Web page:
1950 Oldsmobile 88: Coupe Convertible V-8

Staff reports
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When Oldsmobile introduced the 1950 Oldsmobile Futuramic 88 with a Rocket V-8 engine John McMahan was too young to drive — yet old enough to know what he liked. During the next half century, several cars came and went through his driveway, but he always kept his Oldsmobile dream alive.

A few years into the 21st century, McMahon saw an advertisement offering for sale a red 1950 Oldsmobile Futuramic 88 convertible. He quickly flew to Wichita, Kan., to inspect the restored car first-hand.

Upon first seeing the car, McMahon knew he had to be cautious about his enthusiasm in order not to surrender his negotiating position; however, he now admits that he thought to himself, “I’m not leaving without this car.”

Negotiations didn’t take long, and soon McMahon had purchased the car and arranged to have it transported to his Potomac, Md., home.

When new, the 3,510-pound convertible coupe rolled out of the Lansing, Mich., factory on its 119.5-inch wheelbase. A total of 1,366 such models were manufactured with a base price starting $2,162.

What helped make the 1950 Oldsmobile so popular is found under the hood: Lurking there is a 303-cubic-inch high-compression overhead-valve V-8 engine that develops 135 horsepower. All of that power is delivered to the rear wheels via a Hydramatic transmission. From left to right the automatic gear selection pattern is: Park – Reverse – Neutral – Drive – Third – Second – First.

To assist in starting the big engine, the original six-volt electrical system has been upgraded to a modern 12-volt system.

In order to make the operation of the Oldsmobile more driver-friendly the car now is equipped with disc brakes, as well as air conditioning and power steering.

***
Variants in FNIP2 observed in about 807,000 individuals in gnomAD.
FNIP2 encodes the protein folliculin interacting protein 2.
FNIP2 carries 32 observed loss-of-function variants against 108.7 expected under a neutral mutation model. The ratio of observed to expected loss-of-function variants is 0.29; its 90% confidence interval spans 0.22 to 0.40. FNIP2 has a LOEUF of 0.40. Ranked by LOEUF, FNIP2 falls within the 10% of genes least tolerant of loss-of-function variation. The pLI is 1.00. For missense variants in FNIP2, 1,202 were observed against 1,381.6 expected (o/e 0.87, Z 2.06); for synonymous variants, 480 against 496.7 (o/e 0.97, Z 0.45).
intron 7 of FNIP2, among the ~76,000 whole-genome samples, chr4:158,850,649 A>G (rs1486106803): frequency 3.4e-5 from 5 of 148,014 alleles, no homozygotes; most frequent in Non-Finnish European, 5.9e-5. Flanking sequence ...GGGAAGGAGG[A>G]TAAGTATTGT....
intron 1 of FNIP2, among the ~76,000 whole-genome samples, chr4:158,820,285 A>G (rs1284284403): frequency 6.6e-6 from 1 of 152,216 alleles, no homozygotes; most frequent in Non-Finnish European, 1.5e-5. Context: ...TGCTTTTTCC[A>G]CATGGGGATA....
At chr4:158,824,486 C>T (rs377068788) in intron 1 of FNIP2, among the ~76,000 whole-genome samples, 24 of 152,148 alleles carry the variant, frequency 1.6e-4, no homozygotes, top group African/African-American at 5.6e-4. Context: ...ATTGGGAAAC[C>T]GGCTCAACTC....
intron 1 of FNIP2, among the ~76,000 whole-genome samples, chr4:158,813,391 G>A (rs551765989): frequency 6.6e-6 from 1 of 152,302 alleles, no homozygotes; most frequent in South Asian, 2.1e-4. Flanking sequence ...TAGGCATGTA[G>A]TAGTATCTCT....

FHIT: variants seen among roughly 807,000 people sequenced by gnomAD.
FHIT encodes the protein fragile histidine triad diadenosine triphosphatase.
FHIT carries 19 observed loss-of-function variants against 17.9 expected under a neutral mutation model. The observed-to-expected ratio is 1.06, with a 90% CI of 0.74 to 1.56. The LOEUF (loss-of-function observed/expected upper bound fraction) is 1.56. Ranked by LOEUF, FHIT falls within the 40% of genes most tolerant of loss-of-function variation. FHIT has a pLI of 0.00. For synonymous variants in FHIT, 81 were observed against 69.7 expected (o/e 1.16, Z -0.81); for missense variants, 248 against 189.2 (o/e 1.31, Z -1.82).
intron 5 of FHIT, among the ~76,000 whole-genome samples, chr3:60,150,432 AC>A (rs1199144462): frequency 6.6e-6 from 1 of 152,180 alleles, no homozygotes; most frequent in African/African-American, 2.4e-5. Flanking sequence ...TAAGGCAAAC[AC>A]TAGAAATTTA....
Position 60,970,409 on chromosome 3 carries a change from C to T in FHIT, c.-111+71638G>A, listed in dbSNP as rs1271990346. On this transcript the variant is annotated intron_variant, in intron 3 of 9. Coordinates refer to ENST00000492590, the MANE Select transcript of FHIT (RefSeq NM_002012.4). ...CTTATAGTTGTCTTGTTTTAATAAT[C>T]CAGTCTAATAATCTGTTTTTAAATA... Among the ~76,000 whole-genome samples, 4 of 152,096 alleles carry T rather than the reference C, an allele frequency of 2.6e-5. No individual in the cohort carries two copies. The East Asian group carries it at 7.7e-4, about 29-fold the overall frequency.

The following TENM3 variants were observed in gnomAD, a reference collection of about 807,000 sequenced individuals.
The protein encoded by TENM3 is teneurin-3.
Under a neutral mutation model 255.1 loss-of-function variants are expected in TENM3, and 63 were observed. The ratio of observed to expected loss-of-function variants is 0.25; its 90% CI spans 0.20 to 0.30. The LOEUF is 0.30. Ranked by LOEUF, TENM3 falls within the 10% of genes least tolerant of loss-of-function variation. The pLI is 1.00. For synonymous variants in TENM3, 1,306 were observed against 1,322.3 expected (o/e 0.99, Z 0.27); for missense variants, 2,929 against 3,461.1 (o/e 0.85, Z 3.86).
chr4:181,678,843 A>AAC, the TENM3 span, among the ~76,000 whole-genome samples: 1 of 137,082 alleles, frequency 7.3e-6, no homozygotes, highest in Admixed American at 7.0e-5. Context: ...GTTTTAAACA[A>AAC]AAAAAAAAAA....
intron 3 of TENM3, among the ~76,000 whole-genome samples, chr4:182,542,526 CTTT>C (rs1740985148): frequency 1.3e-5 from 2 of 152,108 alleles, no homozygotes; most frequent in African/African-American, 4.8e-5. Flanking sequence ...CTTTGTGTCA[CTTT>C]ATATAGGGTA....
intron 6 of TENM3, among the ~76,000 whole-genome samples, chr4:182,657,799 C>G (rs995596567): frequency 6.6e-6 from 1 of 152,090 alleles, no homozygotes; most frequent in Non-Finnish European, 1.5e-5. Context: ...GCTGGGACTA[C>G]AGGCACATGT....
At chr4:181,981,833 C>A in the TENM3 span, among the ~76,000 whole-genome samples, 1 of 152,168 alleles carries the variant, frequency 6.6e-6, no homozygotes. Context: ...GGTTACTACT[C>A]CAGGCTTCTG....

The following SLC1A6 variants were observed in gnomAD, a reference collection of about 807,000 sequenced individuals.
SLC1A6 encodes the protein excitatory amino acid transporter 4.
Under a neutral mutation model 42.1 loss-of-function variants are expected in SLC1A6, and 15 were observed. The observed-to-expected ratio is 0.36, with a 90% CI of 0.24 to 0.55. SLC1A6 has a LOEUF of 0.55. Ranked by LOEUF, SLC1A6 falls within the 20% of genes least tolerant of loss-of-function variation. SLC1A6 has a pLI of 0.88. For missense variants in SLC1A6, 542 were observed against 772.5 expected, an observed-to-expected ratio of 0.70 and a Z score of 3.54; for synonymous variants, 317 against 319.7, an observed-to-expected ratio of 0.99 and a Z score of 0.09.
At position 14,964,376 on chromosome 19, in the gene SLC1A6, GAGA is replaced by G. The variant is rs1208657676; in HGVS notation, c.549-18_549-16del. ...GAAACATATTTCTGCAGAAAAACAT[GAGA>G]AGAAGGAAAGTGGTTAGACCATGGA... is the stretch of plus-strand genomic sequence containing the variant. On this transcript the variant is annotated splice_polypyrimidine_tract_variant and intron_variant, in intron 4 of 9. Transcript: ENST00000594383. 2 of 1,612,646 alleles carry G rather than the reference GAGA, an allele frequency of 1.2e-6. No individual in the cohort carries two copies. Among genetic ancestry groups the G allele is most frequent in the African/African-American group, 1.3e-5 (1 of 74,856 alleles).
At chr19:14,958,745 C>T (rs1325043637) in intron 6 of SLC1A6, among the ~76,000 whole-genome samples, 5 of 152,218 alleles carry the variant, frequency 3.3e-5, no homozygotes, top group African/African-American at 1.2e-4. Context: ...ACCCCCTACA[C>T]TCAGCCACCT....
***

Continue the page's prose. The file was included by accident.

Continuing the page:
“With disc brakes I don’t have to plan to stop so far in advance,” McMahon explains.

The upholstery is tan and the dashboard matches the red exterior. All of the windows are operated manually by hand cranks. In a nod to safety unusual for the time, the convertible is also equipped with seat belts.

When seated at the three-spoke steering wheel, the driver has a clear view of the 110-mph speedometer and the single outside mirror on the left side. The lengthy engine hood appears to stretch into next week when viewed through the one-piece tinted windshield.

Adding visually to the length of the Oldsmobile, both front fenders have chrome trim flowing from the headlights toward the rear of the car ending near the back of the doors. Fender skirts on the rear wheelwells add to the illusion of length. Two dozen evenly spaced snaps secure the boot covering the convertible top when it is in the lowered position. A chrome guard below the filler door on the left rear fender protects the red paint when refueling.

With safety in mind, each rear fender concludes with a backup light, a combination tail and brake light, and a red reflector. It’s said that the styling below the Oldsmobile’s headlights was inspired by the air intake and propeller of the World War II Lockheed P-38 fighter aircraft.

Since taking possession of the Oldsmobile McMahon has driven his dream car about 2,500 miles, all on sunny days.

“I’ve always liked the 1950 Oldsmobile,” he enthuses. “It’s my favorite car.

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